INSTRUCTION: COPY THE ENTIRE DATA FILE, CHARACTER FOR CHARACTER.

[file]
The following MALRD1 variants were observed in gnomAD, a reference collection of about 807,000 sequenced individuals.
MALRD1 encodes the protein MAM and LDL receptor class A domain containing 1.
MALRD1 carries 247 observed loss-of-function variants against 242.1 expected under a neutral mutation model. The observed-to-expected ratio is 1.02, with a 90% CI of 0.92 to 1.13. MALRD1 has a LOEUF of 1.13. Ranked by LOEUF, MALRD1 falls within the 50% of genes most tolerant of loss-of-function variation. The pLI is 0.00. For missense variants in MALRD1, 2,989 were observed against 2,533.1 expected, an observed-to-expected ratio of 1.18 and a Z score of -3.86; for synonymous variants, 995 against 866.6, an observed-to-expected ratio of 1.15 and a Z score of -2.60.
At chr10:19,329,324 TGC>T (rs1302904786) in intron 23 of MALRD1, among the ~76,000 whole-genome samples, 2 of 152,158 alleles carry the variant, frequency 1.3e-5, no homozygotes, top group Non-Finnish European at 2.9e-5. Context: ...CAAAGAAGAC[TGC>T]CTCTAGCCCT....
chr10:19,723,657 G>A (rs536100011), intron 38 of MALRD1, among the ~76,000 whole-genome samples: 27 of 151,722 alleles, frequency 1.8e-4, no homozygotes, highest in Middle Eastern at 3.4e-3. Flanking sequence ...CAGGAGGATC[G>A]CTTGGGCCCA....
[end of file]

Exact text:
The following MALRD1 variants were observed in gnomAD, a reference collection of about 807,000 sequenced individuals.
MALRD1 encodes the protein MAM and LDL receptor class A domain containing 1.
MALRD1 carries 247 observed loss-of-function variants against 242.1 expected under a neutral mutation model. The observed-to-expected ratio is 1.02, with a 90% CI of 0.92 to 1.13. MALRD1 has a LOEUF of 1.13. Ranked by LOEUF, MALRD1 falls within the 50% of genes most tolerant of loss-of-function variation. The pLI is 0.00. For missense variants in MALRD1, 2,989 were observed against 2,533.1 expected, an observed-to-expected ratio of 1.18 and a Z score of -3.86; for synonymous variants, 995 against 866.6, an observed-to-expected ratio of 1.15 and a Z score of -2.60.
At chr10:19,329,324 TGC>T (rs1302904786) in intron 23 of MALRD1, among the ~76,000 whole-genome samples, 2 of 152,158 alleles carry the variant, frequency 1.3e-5, no homozygotes, top group Non-Finnish European at 2.9e-5. Context: ...CAAAGAAGAC[TGC>T]CTCTAGCCCT....
chr10:19,723,657 G>A (rs536100011), intron 38 of MALRD1, among the ~76,000 whole-genome samples: 27 of 151,722 alleles, frequency 1.8e-4, no homozygotes, highest in Middle Eastern at 3.4e-3. Flanking sequence ...CAGGAGGATC[G>A]CTTGGGCCCA....